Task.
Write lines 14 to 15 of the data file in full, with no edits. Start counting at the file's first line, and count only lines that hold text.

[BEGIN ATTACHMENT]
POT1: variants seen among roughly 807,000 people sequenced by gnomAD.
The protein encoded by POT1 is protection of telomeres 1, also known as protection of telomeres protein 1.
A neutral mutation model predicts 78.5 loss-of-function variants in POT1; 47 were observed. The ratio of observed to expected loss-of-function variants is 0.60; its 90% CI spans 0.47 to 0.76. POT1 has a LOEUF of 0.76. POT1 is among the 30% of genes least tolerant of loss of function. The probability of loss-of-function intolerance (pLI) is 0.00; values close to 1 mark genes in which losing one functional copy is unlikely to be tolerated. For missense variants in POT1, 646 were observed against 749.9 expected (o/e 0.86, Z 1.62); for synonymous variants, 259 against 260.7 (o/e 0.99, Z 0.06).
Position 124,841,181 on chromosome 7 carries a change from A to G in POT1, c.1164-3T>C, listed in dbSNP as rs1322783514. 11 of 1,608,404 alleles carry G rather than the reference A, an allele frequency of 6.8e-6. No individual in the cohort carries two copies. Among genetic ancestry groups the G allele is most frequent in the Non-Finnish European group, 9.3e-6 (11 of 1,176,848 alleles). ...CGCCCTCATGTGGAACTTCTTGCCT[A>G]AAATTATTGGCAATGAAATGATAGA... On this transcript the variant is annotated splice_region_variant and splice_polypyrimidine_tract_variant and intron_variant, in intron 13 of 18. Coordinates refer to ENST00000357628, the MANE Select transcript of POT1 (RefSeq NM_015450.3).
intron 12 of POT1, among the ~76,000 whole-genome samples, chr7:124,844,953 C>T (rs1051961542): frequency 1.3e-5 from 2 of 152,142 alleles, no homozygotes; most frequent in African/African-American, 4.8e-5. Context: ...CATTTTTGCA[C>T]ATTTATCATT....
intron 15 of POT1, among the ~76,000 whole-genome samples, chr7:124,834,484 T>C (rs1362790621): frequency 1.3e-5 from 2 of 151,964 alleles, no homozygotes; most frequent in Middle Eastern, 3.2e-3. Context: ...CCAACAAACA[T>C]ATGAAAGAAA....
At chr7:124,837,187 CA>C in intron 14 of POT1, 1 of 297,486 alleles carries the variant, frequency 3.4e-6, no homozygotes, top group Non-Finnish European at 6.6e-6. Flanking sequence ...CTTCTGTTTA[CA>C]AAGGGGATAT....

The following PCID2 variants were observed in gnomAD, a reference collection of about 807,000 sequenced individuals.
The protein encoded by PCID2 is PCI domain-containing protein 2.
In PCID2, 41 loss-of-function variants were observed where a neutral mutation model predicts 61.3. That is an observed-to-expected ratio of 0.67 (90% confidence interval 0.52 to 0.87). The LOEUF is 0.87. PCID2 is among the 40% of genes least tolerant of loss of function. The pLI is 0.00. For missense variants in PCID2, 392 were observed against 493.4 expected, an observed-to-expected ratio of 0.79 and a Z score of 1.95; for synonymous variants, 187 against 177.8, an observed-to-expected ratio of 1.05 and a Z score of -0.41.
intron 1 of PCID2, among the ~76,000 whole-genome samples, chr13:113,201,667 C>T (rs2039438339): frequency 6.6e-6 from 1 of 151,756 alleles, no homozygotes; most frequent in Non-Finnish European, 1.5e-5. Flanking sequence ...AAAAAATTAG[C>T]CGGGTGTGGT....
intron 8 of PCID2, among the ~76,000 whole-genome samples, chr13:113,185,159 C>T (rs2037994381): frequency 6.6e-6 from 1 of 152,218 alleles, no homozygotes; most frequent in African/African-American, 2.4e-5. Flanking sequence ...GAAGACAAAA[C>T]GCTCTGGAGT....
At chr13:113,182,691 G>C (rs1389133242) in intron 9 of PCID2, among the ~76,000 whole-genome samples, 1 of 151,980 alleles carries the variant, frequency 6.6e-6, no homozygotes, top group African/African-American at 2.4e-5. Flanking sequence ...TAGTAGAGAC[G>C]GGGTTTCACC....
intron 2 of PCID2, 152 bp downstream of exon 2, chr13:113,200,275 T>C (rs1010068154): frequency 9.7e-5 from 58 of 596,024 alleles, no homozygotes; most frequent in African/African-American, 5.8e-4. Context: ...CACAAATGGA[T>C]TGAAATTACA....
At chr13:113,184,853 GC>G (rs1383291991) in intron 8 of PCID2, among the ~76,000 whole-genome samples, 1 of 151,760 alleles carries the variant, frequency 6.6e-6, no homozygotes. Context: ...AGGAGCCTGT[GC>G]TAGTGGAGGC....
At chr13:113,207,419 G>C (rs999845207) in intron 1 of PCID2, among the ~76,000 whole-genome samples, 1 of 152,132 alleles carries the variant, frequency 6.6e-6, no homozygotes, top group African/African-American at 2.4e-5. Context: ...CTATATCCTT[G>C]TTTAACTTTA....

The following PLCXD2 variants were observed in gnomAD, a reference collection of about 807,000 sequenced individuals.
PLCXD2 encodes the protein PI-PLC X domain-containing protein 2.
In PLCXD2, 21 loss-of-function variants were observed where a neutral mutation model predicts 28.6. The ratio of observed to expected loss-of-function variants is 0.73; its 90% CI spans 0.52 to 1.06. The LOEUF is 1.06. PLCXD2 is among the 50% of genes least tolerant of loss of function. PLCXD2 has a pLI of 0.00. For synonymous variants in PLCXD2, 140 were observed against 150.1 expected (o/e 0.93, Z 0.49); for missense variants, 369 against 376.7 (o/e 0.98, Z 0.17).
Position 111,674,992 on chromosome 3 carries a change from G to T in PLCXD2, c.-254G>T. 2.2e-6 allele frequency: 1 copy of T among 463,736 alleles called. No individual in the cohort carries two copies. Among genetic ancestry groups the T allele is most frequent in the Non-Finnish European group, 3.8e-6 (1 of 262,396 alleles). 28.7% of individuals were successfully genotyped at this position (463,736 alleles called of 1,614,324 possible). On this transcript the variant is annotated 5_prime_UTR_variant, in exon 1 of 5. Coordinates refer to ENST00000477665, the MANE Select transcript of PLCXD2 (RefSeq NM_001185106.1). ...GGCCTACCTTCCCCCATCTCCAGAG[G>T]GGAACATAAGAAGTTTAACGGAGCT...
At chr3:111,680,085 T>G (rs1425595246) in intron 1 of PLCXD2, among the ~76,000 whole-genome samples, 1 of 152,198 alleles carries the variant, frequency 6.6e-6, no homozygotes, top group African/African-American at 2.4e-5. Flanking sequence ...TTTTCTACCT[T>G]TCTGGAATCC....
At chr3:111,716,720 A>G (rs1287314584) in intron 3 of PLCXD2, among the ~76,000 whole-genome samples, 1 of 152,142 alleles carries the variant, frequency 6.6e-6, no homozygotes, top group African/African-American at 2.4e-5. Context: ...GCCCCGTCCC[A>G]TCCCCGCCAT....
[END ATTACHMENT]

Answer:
intron 2 of PCID2, 152 bp downstream of exon 2, chr13:113,200,275 T>C (rs1010068154): frequency 9.7e-5 from 58 of 596,024 alleles, no homozygotes; most frequent in African/African-American, 5.8e-4. Context: ...CACAAATGGA[T>C]TGAAATTACA....
At chr13:113,184,853 GC>G (rs1383291991) in intron 8 of PCID2, among the ~76,000 whole-genome samples, 1 of 151,760 alleles carries the variant, frequency 6.6e-6, no homozygotes. Context: ...AGGAGCCTGT[GC>G]TAGTGGAGGC....